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Contacting College Coaches
Calling College Coaches

Calling College Coaches

Calling coaches is one of the most nerve-wracking parts of the recruiting process. We've outlined the most common topics coaches will cover and what questions you should ask.

Email is typically the best way to introduce yourself to college coaches for the first time, as it is the most professional way to start the recruiting relationship. However, coaches who have a vested interest in you as a student-athlete may want to speak on the phone or stay in touch through text to catch up and see how you are doing! Here are some tips to remember before you schedule a phone call with a coach or cold call a coach. 

Phone Calls with College Coaches

Sometimes a college coach may want to speak to you on the phone (or through video chat using Zoom or FaceTime). Feel free to refer to our Recruiting Rules and Regulations article that goes over the contact periods of when college coaches can call you, as well as you being able to contact college coaches by phone. The NCAA Recruiting Calendar for your specific sport can also be found here

We typically recommend having an email exchange with the coach before giving them a phone call. Talking on the phone is much more personal, so laying the groundwork and giving the coach an opportunity to look into your academic and athletic profile background before speaking on the phone will be beneficial. 

Remember that college coaches have restrictions regarding when they can call, depending on the student-athlete's graduation year, their division, and the sport they coach. At the NCAA DI and DII levels, coaches cannot initiate phone calls, texting, and video meetings until June 15th after your Sophomore Year or September 1st of your Junior Year. Learn exactly when a college coach can call you here.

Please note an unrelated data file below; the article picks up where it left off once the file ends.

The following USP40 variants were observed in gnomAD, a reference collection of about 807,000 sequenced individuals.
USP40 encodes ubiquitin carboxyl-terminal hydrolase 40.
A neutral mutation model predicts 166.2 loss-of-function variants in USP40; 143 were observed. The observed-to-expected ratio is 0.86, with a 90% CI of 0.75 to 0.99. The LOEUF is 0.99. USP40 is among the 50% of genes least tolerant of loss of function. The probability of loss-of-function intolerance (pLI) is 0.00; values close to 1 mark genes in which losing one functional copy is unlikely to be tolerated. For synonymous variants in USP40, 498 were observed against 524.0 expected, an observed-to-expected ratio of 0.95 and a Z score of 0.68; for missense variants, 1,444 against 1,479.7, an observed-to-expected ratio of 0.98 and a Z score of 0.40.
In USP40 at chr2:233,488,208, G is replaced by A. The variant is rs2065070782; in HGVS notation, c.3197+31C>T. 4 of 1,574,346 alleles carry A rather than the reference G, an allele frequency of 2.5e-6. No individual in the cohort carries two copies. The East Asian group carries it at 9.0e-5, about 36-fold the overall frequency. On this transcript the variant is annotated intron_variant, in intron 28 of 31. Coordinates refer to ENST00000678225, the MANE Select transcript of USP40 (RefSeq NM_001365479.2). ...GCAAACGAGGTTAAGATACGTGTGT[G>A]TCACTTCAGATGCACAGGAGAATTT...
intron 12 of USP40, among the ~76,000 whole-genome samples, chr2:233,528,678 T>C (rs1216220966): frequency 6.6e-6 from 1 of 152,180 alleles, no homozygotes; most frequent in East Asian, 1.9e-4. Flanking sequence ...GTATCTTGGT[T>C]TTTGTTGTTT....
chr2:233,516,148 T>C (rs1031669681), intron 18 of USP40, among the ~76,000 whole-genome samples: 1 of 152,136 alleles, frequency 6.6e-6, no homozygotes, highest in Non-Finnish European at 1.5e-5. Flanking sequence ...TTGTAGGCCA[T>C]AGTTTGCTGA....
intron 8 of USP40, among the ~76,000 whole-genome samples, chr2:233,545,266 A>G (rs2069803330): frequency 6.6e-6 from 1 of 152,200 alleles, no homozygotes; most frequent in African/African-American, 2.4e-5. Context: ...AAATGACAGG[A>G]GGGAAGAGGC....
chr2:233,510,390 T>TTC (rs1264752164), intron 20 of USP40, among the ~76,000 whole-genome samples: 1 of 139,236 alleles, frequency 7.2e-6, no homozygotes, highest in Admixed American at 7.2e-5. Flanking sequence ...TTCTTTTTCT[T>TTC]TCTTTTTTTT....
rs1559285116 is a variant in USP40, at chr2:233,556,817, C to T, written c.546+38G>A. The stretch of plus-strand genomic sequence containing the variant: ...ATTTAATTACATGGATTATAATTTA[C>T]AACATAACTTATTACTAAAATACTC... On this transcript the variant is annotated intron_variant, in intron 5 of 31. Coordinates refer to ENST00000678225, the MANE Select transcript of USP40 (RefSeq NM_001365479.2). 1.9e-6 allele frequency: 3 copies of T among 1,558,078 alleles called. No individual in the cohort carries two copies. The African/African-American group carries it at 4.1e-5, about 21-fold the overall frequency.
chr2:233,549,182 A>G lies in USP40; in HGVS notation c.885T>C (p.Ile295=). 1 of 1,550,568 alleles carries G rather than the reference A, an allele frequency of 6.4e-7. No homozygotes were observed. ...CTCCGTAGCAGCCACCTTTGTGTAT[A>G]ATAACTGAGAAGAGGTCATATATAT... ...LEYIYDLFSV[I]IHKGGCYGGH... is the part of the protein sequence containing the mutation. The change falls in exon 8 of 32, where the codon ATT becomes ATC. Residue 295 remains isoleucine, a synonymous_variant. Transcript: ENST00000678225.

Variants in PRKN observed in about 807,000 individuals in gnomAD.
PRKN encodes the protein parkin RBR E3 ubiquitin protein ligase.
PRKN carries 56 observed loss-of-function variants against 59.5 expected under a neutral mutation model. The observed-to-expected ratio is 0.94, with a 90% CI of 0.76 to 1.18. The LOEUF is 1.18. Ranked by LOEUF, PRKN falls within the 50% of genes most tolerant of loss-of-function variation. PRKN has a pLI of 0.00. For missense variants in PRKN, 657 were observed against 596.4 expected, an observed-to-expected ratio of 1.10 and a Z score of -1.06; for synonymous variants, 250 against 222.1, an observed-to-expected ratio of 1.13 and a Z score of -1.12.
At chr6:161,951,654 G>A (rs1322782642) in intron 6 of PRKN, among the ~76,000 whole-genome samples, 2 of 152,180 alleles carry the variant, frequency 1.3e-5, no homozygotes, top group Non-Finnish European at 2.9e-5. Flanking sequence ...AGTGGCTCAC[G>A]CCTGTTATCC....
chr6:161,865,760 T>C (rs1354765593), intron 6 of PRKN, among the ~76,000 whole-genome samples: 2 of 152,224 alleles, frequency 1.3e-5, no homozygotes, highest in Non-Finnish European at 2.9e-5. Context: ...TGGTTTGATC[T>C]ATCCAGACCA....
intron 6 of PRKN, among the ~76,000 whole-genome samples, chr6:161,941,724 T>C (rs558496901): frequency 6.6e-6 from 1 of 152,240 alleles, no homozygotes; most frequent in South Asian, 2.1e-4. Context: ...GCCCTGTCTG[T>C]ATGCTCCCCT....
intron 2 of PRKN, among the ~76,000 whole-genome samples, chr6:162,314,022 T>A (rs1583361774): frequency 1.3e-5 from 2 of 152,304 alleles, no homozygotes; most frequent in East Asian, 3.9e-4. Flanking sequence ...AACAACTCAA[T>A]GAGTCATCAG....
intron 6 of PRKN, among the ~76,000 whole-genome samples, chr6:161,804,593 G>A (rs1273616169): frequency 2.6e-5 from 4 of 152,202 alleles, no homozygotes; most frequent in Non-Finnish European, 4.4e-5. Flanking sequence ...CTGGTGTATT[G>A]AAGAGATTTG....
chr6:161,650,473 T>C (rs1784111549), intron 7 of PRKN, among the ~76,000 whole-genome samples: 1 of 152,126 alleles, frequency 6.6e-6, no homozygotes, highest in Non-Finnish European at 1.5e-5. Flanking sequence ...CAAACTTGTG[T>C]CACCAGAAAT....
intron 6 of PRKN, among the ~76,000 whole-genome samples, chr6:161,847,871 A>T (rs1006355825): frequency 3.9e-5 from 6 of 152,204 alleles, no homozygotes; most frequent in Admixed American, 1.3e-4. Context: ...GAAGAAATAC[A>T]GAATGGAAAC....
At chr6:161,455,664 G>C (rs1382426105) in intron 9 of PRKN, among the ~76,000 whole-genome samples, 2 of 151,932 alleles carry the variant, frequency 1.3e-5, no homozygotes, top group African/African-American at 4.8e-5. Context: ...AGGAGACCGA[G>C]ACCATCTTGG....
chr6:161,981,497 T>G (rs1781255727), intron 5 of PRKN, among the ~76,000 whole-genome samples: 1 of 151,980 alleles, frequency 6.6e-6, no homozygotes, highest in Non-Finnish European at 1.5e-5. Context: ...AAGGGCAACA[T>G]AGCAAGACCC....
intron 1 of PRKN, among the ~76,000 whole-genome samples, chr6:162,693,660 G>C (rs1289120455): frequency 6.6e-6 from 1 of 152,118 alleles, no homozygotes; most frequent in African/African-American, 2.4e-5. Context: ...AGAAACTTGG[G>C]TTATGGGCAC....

NCAA DIII and NAIA programs do not have calling restrictions. However, phone conversations typically happen with these coaches later on in the recruiting process. 

Can I Call a College Coach?

There are no rules surrounding a student-athlete and calling a college coach. However, depending on the sport you play, and the division you are looking to play in, a coach may not be able to answer the phone, or will need to ask your grad year before having a conversation.

If you call a college coach, and are sent to their voicemail, make sure you take the time to introduce yourself, let the coach know why you are interested and how they can get back in touch with you. 

Call Preparation - What to Do Before the Call 

Just remember to relax, be confident, and be yourself! Coaches understand that teenagers may be nervous to get on the telephone and speak with them, but a well-prepared telephone conversation shows a coach that an athlete is mature, does their homework and is proactive. Below we provide tips to think about before your phone call:

  • Do your Research: Make sure you are researching the basic facts about the program you will talk to. For example, what was their record last year? What conference do they compete in? How large is their roster? Where is the college or university located? On the call, a coach will most certainly ask you why you are interested in their program, doing this research before will help you answer that question!